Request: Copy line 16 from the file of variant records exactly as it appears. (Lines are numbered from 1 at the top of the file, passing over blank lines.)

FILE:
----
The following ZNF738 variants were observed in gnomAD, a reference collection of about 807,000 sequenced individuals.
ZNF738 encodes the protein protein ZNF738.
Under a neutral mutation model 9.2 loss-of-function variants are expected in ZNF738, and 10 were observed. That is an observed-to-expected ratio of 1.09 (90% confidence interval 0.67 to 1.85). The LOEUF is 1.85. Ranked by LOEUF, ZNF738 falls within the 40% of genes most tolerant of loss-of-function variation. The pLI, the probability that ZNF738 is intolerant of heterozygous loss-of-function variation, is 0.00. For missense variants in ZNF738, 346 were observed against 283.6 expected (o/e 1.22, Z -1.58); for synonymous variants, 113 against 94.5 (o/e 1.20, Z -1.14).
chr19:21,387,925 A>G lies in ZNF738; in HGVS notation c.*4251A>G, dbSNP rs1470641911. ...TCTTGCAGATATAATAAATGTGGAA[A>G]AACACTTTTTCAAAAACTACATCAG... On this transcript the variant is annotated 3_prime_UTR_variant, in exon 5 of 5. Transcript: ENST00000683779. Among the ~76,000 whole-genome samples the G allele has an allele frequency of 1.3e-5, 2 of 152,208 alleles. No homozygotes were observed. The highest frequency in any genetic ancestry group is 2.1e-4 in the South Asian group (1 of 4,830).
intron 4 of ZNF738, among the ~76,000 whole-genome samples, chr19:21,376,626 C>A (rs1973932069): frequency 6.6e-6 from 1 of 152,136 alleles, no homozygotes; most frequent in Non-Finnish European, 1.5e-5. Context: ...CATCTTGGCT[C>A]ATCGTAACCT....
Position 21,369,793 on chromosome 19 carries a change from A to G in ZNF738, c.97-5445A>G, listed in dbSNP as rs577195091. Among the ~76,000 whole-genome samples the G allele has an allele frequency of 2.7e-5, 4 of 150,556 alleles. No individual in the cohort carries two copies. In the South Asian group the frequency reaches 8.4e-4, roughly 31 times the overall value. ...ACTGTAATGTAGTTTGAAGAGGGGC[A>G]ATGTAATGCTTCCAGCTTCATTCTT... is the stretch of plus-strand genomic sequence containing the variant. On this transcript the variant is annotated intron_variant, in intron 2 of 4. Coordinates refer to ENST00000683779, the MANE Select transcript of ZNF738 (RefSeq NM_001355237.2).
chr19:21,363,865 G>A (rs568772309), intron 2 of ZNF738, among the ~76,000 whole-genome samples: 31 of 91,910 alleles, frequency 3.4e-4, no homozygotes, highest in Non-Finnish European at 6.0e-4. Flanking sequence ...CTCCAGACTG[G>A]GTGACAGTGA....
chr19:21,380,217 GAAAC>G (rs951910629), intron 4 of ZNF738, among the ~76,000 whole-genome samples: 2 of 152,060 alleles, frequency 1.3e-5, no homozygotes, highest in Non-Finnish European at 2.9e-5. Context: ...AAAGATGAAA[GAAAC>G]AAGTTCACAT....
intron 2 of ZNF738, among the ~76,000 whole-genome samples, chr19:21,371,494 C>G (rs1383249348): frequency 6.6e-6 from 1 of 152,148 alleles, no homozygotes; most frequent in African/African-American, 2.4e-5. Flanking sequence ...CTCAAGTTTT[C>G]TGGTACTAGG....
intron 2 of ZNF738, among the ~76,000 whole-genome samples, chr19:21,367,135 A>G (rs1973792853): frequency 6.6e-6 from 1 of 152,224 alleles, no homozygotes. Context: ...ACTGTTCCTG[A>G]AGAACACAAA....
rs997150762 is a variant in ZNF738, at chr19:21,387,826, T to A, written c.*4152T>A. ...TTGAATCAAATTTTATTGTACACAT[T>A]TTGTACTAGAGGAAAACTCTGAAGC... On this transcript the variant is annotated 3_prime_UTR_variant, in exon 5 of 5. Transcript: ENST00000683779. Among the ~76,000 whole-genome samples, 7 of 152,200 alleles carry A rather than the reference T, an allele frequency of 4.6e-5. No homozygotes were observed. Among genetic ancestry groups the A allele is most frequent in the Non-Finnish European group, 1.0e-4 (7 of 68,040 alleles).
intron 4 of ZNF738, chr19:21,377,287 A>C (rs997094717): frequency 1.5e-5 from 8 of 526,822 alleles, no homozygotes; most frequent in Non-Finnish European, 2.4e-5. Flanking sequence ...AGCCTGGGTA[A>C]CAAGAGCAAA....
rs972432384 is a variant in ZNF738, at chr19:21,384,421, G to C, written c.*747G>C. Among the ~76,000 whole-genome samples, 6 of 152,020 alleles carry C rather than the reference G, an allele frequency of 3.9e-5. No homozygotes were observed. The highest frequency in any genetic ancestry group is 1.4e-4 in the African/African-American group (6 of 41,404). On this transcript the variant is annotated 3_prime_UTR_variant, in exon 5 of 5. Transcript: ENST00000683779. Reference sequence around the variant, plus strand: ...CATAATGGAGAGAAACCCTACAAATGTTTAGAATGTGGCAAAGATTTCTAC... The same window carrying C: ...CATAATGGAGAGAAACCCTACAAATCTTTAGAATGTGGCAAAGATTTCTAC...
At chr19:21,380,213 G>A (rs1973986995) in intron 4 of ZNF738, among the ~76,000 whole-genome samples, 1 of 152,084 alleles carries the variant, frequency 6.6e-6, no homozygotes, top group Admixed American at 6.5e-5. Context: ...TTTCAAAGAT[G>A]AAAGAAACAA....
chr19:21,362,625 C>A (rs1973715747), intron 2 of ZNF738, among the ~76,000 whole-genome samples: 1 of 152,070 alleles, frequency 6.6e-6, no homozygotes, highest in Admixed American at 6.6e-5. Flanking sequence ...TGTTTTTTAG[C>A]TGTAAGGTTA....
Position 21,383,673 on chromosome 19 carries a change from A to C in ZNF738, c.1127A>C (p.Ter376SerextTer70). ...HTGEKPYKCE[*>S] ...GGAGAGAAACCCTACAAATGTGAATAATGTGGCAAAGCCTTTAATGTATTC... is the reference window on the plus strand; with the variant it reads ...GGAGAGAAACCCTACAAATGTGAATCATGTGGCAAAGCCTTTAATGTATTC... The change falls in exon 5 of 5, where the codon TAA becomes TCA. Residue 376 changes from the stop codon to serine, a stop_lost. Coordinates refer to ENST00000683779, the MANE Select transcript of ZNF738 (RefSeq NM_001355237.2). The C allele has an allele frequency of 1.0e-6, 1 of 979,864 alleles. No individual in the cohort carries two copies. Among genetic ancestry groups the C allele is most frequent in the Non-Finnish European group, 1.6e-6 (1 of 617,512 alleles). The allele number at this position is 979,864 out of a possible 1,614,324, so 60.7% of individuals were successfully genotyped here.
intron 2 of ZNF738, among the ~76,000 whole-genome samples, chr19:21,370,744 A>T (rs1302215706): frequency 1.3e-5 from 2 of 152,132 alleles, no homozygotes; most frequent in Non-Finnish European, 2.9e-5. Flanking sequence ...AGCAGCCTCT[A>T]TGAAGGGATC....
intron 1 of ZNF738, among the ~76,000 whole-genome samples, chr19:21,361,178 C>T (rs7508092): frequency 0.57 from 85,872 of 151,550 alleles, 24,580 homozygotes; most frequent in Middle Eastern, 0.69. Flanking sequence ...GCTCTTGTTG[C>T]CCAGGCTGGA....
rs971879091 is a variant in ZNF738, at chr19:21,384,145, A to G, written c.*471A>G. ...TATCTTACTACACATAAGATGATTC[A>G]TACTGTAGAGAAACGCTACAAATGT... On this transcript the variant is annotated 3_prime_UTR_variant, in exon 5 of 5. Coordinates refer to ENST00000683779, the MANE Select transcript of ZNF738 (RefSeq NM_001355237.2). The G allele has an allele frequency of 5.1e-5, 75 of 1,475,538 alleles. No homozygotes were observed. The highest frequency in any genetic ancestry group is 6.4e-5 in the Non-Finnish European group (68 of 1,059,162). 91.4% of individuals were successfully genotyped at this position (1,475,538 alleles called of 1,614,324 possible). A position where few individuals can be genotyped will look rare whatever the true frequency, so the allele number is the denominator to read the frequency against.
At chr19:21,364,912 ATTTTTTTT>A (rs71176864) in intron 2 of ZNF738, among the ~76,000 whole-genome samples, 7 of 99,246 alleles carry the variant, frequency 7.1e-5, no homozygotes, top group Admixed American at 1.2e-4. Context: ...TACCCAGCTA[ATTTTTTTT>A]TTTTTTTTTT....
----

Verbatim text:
Position 21,383,673 on chromosome 19 carries a change from A to C in ZNF738, c.1127A>C (p.Ter376SerextTer70). ...HTGEKPYKCE[*>S] ...GGAGAGAAACCCTACAAATGTGAATAATGTGGCAAAGCCTTTAATGTATTC... is the reference window on the plus strand; with the variant it reads ...GGAGAGAAACCCTACAAATGTGAATCATGTGGCAAAGCCTTTAATGTATTC... The change falls in exon 5 of 5, where the codon TAA becomes TCA. Residue 376 changes from the stop codon to serine, a stop_lost. Coordinates refer to ENST00000683779, the MANE Select transcript of ZNF738 (RefSeq NM_001355237.2). The C allele has an allele frequency of 1.0e-6, 1 of 979,864 alleles. No individual in the cohort carries two copies. Among genetic ancestry groups the C allele is most frequent in the Non-Finnish European group, 1.6e-6 (1 of 617,512 alleles). The allele number at this position is 979,864 out of a possible 1,614,324, so 60.7% of individuals were successfully genotyped here.